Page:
Sunday, August 14, 2011

The truth about Osama bin Laden death


CNN cited a senior US official as saying three sets of photographs of bin Laden's body exist: Photos taken at a hangar in Afghanistan, described as the most recognizable and gruesome; photos taken from the burial at sea on the USS Carl Vinson before a shroud was placed around his body; and photos from the raid itself, which include shots of the interior of the compound as well as three of the others who died in the raid.[166]
On May 4, Reuters published photos it said were taken by a Pakistan security official in the aftermath of the raid; the photos included images of the helicopter wreckage and three male dead bodies, none of whom appeared to be Osama bin Laden.[167][168]
A source told ABC News that the photos taken by the military servicemen on the scene depict the physical damage done by a "high-caliber bullet".[74] CBS Evening News reported that the photo shows that the bullet which hit above bin Laden's left eye blew out his left eyeball and blew away a large portion of his frontal skull, exposing his brain.[169] CNN stated that the pictures from the Afghanistan hangar depict "a massive open head wound across both eyes. It's very bloody and gory."[166] Senator Jim Inhofe, who viewed the photos, stated that the photos taken of the body on the Carl Vinson, which showed bin Laden's face after much of the blood and material had been washed away, should be released to the public.[170]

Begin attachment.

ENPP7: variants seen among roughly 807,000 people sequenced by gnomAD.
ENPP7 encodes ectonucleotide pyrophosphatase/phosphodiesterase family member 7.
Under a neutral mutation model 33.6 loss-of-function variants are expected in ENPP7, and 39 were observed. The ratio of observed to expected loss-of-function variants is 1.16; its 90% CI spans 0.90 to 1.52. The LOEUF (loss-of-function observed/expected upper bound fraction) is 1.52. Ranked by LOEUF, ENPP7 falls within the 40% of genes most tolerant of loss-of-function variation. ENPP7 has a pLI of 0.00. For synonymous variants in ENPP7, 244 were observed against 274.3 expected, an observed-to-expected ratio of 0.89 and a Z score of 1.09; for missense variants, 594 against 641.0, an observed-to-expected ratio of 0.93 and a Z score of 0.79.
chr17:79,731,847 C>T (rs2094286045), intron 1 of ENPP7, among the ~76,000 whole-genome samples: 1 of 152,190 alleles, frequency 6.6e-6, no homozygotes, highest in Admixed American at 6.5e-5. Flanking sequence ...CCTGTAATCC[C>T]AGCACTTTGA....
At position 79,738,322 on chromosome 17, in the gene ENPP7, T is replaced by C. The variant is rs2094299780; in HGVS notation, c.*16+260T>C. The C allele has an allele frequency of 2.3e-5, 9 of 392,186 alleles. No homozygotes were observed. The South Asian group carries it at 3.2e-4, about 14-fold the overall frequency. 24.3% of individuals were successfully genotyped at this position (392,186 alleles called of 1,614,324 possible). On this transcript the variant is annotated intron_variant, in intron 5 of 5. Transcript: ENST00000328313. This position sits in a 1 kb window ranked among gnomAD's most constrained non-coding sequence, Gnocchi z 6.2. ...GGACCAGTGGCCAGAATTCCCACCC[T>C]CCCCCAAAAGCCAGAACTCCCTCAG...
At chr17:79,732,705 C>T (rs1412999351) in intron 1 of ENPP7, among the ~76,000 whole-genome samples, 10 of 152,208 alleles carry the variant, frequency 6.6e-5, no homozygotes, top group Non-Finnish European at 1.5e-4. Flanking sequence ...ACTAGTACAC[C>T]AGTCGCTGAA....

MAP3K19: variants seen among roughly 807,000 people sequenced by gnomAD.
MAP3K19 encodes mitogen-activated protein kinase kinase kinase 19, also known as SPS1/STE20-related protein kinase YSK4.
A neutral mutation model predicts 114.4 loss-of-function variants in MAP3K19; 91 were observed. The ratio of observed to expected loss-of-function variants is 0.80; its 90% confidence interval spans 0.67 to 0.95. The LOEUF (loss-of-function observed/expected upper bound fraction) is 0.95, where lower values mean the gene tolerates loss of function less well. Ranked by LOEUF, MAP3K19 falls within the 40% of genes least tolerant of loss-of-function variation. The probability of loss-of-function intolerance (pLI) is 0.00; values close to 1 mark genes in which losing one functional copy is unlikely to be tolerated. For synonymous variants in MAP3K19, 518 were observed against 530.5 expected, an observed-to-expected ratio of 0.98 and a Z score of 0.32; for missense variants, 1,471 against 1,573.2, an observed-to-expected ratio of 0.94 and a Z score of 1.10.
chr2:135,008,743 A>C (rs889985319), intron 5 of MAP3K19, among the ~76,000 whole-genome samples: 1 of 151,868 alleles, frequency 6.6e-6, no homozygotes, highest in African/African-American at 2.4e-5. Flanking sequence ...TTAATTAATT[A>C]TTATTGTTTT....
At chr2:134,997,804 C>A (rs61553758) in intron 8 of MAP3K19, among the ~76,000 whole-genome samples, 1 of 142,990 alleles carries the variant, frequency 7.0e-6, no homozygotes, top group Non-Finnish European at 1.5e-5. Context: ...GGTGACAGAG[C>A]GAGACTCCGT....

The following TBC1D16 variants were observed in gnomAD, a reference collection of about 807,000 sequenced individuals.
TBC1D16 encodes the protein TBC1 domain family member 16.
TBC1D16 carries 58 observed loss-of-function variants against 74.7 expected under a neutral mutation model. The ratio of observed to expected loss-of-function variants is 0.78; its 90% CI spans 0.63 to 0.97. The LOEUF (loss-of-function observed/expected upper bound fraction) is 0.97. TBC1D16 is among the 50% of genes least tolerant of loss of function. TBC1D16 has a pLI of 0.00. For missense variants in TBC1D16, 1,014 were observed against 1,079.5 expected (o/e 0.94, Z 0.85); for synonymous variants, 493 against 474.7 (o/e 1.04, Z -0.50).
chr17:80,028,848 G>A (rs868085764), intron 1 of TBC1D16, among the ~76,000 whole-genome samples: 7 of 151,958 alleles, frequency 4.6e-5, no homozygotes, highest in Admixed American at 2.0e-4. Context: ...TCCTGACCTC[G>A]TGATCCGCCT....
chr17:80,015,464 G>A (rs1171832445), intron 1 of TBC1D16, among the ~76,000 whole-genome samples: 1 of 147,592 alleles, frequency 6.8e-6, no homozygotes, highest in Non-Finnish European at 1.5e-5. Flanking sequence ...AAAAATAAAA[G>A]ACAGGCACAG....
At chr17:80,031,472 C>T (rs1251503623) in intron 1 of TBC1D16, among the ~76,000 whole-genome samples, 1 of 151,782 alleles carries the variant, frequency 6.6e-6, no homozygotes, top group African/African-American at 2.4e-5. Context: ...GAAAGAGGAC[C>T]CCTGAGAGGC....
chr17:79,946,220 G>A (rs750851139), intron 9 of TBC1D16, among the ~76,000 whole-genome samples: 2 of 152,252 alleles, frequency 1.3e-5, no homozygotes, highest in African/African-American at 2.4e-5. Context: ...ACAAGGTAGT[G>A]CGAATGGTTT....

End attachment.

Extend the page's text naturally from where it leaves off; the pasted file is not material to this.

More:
A debate on whether the military photos should or should not be released to the public has taken place.[171] Those supporting the release argued that the photos should be considered public records,[172][173] that the photos are necessary to complete the journalistic record,[174] and that the photos would prove bin Laden's death and therefore prevent conspiracy theories that bin Laden is still alive. Those in opposition to a release of the photos expressed concern that the photos would inflame anti-American sentiment in the Middle East.[175]
President Obama ultimately decided not to release the photos.[176] In an interview set to air on May 4 on 60 Minutes, Obama stated that "We don't trot out this stuff as trophies. We don't need to spike the football", and that he was concerned with ensuring that "very graphic photos of somebody who was shot in the head are not floating around as an incitement to additional violence, or as a propaganda tool. That's not who we are."[177] Among Republican members of Congress, Senator Lindsey Graham criticized the decision and stated that he wanted to see the photos released, while Senator John McCain and Representative Mike Rogers, the chair of the House Intelligence Committee, supported the decision not to release the photos.[178][179]
On May 11, select members of Congress (the congressional leadership and those who serve in a committee of intelligence, homeland security, judiciary, foreign relations, and military) were shown 15 bin Laden photos. In an interview with Eliot Spitzer, Senator Jim Inhofe said that three of the photos were of bin Laden alive for identification reference. Three other photos were of the sea burial ceremony.[180]
The group Judicial Watch announced that they have filed a Freedom of Information Act request to obtain access to the photos.[181][182] On May 9, the Department of Defense declined to process Judicial Watch's FOIA request, prompting a lawsuit.[183] A FOIA request from the Associated Press has also been declined.[1